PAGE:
Julian Huppert MP has asked a parliamentary question about the private security company Xfor, which issues a growing proportion of on-the-spot fines. The excellent and thorough response from the Secretary of State for Communities and Local Government argues that 'councils should not be using residents as cash cows and should not be persecuting people for petty or insignificant breaches'. The full answer is below...
Dr Huppert: To ask the Secretary of State for Communities and Local Government what assessment he has made of the behaviour of Xfor in giving on-the-spot fines. 
Brandon Lewis [holding answer 11 February 2013]: My Department has not made an official assessment, but I am aware that this issue has attracted widespread public concern. I would make the following observations:
Those who harm the environment by shamelessly littering and fly-tipping should be brought to book.
However, councils should not be using residents as cash cows and should not be persecuting people for petty or insignificant breaches.
It is not in the public interest to issue a fixed penalty notice where there is not clear evidence that the individual intended to cause litter.
Enforcement action is better targeted at problem areas, rather than applied across a whole local authority area.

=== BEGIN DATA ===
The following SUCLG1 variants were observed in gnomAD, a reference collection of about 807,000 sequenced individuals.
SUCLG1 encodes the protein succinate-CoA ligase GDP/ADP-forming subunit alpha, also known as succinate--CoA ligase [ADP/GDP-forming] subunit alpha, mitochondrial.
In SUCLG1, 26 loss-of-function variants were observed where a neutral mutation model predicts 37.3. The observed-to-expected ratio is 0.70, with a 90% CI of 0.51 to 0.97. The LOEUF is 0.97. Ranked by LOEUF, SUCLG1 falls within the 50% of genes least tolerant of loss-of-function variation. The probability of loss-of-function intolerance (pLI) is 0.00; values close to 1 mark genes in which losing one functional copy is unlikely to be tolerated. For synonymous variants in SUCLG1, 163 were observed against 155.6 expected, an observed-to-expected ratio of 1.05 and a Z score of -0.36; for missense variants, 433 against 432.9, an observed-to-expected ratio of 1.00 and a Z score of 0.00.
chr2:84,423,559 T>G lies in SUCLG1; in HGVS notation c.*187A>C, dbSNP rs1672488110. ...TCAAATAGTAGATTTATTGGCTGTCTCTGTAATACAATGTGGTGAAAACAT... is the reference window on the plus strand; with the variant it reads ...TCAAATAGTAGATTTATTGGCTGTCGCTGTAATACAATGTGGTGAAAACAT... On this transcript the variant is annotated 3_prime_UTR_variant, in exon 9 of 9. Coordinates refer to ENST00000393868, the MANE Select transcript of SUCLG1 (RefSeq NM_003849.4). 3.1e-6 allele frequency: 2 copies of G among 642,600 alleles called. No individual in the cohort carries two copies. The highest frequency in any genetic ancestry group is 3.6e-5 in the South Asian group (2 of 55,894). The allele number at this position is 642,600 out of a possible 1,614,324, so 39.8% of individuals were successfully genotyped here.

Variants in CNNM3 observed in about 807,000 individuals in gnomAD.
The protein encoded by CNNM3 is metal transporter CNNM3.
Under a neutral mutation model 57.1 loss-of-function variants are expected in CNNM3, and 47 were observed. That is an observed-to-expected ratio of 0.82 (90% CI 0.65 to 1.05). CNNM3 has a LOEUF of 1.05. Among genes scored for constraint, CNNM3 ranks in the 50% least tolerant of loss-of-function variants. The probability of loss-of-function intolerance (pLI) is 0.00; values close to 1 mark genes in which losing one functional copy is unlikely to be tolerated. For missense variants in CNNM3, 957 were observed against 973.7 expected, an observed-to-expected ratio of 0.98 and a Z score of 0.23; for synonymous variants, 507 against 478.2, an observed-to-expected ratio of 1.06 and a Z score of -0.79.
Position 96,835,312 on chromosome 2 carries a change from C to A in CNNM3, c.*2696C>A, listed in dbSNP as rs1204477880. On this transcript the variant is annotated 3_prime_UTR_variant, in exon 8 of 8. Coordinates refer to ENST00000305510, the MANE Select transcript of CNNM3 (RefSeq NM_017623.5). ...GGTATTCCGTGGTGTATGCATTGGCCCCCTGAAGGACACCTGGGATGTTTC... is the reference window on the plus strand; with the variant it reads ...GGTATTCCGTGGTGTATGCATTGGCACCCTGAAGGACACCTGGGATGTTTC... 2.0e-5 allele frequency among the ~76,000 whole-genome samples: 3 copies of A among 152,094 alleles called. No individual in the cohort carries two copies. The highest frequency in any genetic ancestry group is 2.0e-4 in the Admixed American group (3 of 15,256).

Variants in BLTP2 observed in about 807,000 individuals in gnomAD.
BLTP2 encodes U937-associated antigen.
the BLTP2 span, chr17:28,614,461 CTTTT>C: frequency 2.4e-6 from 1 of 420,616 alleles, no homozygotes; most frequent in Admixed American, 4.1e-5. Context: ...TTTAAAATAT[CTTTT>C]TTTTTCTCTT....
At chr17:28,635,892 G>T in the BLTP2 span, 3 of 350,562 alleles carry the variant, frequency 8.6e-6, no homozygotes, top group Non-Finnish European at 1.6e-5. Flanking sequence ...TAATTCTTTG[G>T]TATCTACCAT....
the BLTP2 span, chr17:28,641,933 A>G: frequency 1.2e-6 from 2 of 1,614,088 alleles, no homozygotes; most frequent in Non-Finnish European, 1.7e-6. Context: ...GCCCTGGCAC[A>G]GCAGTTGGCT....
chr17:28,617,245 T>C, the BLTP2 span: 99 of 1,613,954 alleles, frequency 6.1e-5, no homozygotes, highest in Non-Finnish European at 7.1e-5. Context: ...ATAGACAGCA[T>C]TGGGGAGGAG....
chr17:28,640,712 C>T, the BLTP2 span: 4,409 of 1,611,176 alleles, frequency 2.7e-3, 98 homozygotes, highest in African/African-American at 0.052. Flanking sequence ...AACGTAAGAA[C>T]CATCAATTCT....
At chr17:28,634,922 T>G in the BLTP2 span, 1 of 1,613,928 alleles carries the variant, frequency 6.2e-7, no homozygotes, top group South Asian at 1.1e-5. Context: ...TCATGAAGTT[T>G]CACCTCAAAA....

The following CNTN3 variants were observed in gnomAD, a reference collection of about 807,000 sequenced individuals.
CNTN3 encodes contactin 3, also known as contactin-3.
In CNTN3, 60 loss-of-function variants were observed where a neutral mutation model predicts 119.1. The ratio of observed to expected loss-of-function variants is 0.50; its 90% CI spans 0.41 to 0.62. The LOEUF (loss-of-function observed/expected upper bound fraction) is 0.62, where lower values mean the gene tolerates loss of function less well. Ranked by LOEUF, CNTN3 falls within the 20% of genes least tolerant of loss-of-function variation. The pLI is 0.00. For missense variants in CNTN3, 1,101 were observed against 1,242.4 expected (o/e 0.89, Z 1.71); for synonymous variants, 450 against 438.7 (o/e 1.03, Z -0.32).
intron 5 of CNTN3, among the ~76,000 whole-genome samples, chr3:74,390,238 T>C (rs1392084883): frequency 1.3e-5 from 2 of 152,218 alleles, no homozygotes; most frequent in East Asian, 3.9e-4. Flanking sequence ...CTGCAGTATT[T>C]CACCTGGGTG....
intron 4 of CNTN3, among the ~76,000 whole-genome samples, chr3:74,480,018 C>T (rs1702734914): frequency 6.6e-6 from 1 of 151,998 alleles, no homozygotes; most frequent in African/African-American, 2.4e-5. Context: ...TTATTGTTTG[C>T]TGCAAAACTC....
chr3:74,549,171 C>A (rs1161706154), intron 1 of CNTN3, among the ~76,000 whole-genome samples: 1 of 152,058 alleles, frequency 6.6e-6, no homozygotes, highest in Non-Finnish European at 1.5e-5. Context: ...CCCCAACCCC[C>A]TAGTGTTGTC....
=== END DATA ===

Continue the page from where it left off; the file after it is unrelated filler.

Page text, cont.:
The issuing of fixed penalty notices or fines is a quasi-judicial matter. Commercial contracts which are based on the volume of penalties issued, or on a fixed amount of revenue to be raised, are likely to undermine public confidence in a fair judicial system and potentially undermine the quality of justice itself. Indeed, this principle is recognised in guidance to councils on parking fines: 'Performance and rewards/penalties should never be based on the number of Penalty Charge Notices, immobilisations or removals' (DFT, ‘Operational Guidance to Local Authorities: Parking Policy and Enforcement’, November 2010, para 4.12).
Where external contractors are used, ultimately, the responsibility still lies with the local authorities to ensure that legal powers are exercised fairly and reasonably and civil liberties are respected; councillors should regularly scrutinise the operation of such contracts; and the broader use of such powers must command and continue to command public support.
There are many other ways for councils to tackle litter, such as the use of warnings, education campaigns, the helpful provision of litter bins and the regular collection of rubbish bins by the local authority.